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Foxwoods Development Co., the Mashantucket Pequot Tribe's St. Louis-based development arm, plans to develop an Internet gambling site in Europe in a partnership with Goodson Gaming, whose president, Jonathan Goodson, produced such hit television game shows as "The Price is Right" and "Family Feud."
"We're going to pursue a license or licenses in those jurisdictions where Internet gaming is fully legal, regulated and taxed," Gary Armentrout, Foxwoods Development's president, said Thursday. "We're proposing a unique business model combining a live TV game show with an Internet gaming site, and cross-promoting both to drive customers to the TV show as well as to the gaming site."
Armentrout said Foxwoods Development would operate the Internet site as "a viable, licensed site" featuring casino-type games. He said online gamblers would be able to go to the site independent of the game show, but that "the connection to the game show is what makes this (venture) unique."
The partnership, called Velocity Gaming, is negotiating a deal in a European country that Armentrout declined to identify.
"This venture will in no way operate in the United States," he said.
Foxwoods Development, an equity owner of the venture along with Goodson Gaming, is making no up-front capital investment in it, according to Armentrout.
"We are contributing our expertise in casino operations, games management and marketing in the same way Goodson is contributing expertise in television game show production," he said.
Goodson Gaming comprises Goodson and Gaming Solutions International, which has been involved in the lottery industry for more than 25 years. The partnership has developed dozens of successful lottery television productions around the world, including in the United States and South Africa.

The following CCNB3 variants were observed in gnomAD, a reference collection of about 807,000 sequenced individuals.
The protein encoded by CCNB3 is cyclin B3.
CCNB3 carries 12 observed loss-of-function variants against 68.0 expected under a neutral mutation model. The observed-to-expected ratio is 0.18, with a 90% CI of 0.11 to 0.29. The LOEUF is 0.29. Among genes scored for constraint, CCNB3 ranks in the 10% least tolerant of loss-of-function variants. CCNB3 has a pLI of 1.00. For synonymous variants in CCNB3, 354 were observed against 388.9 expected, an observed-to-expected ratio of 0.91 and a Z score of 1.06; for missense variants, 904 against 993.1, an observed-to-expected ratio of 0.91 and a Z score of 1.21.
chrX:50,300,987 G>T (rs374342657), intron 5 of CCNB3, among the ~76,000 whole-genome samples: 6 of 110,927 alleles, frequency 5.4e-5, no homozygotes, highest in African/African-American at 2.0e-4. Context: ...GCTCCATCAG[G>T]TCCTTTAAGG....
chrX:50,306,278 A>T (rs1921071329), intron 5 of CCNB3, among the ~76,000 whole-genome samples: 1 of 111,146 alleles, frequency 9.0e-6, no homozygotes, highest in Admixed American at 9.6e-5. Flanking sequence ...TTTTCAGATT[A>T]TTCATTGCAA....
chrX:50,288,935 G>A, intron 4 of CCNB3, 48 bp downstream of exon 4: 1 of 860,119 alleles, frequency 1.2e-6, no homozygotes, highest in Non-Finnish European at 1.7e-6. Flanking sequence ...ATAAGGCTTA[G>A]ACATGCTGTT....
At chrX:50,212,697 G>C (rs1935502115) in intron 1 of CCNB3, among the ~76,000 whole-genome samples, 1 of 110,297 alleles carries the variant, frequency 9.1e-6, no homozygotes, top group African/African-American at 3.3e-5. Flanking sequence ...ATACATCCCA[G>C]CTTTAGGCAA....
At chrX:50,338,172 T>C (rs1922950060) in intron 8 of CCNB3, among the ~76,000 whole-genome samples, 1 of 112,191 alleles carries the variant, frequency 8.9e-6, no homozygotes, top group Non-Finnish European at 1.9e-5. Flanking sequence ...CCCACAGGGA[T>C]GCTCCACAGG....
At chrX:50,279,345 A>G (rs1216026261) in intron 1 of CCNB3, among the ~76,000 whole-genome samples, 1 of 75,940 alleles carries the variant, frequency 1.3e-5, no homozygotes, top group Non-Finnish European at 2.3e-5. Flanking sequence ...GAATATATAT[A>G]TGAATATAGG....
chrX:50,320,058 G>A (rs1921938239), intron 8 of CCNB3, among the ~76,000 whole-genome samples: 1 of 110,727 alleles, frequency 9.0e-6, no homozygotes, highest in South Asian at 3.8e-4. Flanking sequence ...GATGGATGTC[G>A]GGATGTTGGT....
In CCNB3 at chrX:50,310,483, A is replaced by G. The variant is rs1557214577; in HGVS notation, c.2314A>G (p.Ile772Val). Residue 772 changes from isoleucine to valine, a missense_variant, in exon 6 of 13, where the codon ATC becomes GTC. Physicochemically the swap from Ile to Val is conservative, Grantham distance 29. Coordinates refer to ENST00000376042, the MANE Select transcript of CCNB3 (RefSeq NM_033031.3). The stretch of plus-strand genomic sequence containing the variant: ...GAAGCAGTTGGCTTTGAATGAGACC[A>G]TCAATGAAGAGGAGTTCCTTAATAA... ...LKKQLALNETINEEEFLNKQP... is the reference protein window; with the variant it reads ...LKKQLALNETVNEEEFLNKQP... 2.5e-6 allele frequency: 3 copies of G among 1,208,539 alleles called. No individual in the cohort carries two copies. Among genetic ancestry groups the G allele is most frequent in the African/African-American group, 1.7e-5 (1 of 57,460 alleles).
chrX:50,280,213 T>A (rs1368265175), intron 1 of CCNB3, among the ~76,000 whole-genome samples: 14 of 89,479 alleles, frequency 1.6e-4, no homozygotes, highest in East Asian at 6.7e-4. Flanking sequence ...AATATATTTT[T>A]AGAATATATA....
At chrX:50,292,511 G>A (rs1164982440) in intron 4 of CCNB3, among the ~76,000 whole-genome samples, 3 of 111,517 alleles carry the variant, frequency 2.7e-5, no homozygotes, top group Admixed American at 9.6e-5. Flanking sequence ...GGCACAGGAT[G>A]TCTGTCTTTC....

GSI's Mark Hutchinson, president of Velocity Gaming, said Goodson has provided most of the financial backing for the venture. He said Goodson asked him to put together the elements of the Velocity project.
"I'm the lottery game guy," Hutchinson said. "My partner, Goodson, is the TV guy and Foxwoods Development is the land-based casino operator."
Hutchinson pioneered live lottery television shows, first in Kansas, Illinois and other states. Such shows, in which contestants were chosen from among lottery ticket-buyers, were credited with significantly boosting lottery sales.
Goodson, the son of game-show legend Mark Goodson, produced the Illinois lottery show, "Illinois Instant Riches" and later "Illinois' Luckiest," from 1994 to 2000.
Foxwoods Development, a partner in a long-stalled casino project in Philadelphia, recently entered into an agreement with Apollo Management to bring Harrah's Entertainment into that deal. Armentrout said the company also has a number of other projects in the pipeline, "none of which I'm at liberty to talk about."